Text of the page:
Most striking to me was the fact that none of the workers knew much about what anyone did outside of their specific area. Visiting another part of the mill was strictly forbidden, even on your own time. I, on the other hand, had always made it my business to ask questions wherever I worked and was rarely denied the opportunity to satisfy my innate curiosity. Here in the mill however, I'd gained a better overview of the steelmaking process in one day than men who had worked there for 20 years. Before this I took my life as a filmmaker for granted. I worked with my hands and my brain (or at least I tried to) and I could usually see a finished product that I knew I had a role in creating. I never really thought about how few people had that opportunity.

One of the first films I made on my own was "Clockwork", a short documentary about Frederick Winslow Taylor, the so-called father of scientific management, and his role in creating the modern work environment. I was familiar with Henry Ford and Karl Marx, but Taylor was completely unknown to me until I began researching the film. Labor history is rarely taught in American high schools and colleges and the history of management is absent entirely, so perhaps I shouldn't have been surprised at my ignorance. Since then, the subject of work has been one of my main interests. The idea of process—how things get put together—is something I try to incorporate in both my film work and my writing. I also look for ways to break down the barriers between work and creativity, which is the subject of my latest film, "The Last Pin Factory". Recently, I found a line in a book that put it quite well: "All labor is a form of art that is not yet recognized".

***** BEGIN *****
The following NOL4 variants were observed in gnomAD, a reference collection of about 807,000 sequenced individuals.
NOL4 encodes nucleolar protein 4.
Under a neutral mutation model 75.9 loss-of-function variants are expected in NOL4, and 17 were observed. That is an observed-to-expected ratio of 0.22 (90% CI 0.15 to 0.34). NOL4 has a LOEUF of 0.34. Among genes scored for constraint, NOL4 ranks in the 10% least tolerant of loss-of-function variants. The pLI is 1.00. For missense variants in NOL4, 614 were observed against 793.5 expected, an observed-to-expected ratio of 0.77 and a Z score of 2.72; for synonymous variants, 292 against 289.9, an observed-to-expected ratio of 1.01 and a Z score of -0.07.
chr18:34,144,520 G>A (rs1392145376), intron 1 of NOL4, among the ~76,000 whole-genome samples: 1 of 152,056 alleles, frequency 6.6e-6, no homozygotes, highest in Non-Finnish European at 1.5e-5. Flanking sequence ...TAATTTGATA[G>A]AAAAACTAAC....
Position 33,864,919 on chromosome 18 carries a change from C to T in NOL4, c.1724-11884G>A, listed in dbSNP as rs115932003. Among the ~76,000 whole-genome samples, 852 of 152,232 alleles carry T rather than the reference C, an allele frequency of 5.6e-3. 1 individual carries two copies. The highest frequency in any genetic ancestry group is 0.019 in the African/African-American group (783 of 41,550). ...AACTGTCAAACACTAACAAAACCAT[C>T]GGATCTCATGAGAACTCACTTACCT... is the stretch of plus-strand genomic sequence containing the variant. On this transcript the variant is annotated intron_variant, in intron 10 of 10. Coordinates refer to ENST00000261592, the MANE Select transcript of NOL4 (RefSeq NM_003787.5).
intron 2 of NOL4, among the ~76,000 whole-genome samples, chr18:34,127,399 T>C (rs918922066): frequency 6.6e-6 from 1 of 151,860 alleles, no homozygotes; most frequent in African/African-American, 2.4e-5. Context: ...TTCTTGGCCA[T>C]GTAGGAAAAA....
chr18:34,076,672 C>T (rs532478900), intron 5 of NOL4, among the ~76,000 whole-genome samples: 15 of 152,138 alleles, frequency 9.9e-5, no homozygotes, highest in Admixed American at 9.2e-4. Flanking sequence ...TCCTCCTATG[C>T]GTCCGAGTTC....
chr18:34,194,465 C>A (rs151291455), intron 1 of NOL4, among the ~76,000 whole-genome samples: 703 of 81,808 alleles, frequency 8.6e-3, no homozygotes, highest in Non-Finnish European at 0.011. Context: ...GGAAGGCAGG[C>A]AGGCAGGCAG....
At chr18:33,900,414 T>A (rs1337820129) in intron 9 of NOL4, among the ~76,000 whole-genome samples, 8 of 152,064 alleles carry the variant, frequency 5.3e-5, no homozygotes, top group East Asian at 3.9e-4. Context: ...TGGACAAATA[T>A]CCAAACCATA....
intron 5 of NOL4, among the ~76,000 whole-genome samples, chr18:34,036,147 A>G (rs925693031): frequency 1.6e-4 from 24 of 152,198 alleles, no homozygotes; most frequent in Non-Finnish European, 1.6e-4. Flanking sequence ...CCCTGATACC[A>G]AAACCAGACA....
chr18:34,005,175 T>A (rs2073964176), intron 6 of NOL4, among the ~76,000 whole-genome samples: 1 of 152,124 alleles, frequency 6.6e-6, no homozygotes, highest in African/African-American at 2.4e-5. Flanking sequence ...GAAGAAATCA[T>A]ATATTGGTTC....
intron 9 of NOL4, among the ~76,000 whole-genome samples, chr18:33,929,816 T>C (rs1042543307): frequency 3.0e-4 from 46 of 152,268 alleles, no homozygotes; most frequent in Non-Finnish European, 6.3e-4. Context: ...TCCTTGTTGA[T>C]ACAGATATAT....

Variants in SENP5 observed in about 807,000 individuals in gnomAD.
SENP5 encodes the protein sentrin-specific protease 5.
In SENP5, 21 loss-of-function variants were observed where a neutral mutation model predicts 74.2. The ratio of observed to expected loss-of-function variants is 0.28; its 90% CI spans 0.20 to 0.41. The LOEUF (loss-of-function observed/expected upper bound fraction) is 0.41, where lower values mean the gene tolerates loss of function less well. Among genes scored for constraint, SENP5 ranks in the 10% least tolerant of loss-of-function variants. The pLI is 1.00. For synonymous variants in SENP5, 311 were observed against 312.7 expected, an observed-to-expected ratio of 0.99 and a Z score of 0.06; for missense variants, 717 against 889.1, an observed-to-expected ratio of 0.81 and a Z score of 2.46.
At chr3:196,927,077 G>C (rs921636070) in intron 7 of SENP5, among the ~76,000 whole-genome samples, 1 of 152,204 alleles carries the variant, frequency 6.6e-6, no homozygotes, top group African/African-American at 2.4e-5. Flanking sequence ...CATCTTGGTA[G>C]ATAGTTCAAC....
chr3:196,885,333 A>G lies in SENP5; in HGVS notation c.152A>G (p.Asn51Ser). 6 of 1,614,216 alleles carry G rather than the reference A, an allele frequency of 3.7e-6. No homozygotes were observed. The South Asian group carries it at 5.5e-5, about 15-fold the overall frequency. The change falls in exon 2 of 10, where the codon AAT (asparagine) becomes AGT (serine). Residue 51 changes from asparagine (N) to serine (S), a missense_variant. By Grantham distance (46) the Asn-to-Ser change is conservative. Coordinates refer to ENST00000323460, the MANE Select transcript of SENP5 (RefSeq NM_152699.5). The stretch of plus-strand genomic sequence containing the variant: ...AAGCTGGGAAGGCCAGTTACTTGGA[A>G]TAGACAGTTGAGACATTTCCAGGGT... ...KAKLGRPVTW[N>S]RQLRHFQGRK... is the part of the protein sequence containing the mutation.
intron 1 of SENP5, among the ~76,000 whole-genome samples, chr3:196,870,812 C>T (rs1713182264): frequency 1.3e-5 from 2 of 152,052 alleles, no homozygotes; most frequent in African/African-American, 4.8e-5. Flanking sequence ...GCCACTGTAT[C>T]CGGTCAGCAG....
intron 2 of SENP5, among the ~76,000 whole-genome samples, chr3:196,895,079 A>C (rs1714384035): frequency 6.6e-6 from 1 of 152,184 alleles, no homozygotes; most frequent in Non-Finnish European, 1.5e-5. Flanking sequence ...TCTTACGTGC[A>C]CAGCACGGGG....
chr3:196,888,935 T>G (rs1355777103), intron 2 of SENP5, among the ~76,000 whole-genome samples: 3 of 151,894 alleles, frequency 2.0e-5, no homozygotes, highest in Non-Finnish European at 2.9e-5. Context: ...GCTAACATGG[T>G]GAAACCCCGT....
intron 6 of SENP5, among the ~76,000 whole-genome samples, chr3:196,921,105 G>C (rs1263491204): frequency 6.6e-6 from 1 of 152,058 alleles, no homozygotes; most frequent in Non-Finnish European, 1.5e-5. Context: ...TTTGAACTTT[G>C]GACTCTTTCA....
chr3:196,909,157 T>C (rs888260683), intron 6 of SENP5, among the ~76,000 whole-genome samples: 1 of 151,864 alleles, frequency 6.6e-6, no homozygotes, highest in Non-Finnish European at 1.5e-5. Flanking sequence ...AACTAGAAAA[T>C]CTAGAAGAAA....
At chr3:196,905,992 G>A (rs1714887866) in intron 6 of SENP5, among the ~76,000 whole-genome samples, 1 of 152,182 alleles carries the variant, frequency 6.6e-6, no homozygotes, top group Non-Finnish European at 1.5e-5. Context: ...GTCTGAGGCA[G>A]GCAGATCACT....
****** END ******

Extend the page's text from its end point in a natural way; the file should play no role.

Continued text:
I think that documentary filmmakers have a special responsibility, to ourselves, and to society, because of the relative freedom we enjoy. Film has expanded our horizons, both the microcosm and the macrocosm, and while it's important to examine the world of the electron and the far reaches of the universe, it's no less essential to see what is happening right in front of us, in our schools, hospitals, offices, and factories. Understanding the role of work in our society is crucial to creating a better and more just world.

— September 2008
Eric Breitbart

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CURRICULUM VITAE

Current work in 2010:

Video and Film Production (selected)
Cinépingle: la mémoire du geste (2008)
Robert Indiana: American Dreamer (2006)
Animal Tracks (2005)
Louis Stettner: Times Square (2005)
Under Bryant Park (2003)
Aby Warburg: The Archive of Memory (2003)
I Am the Cosmos (2002)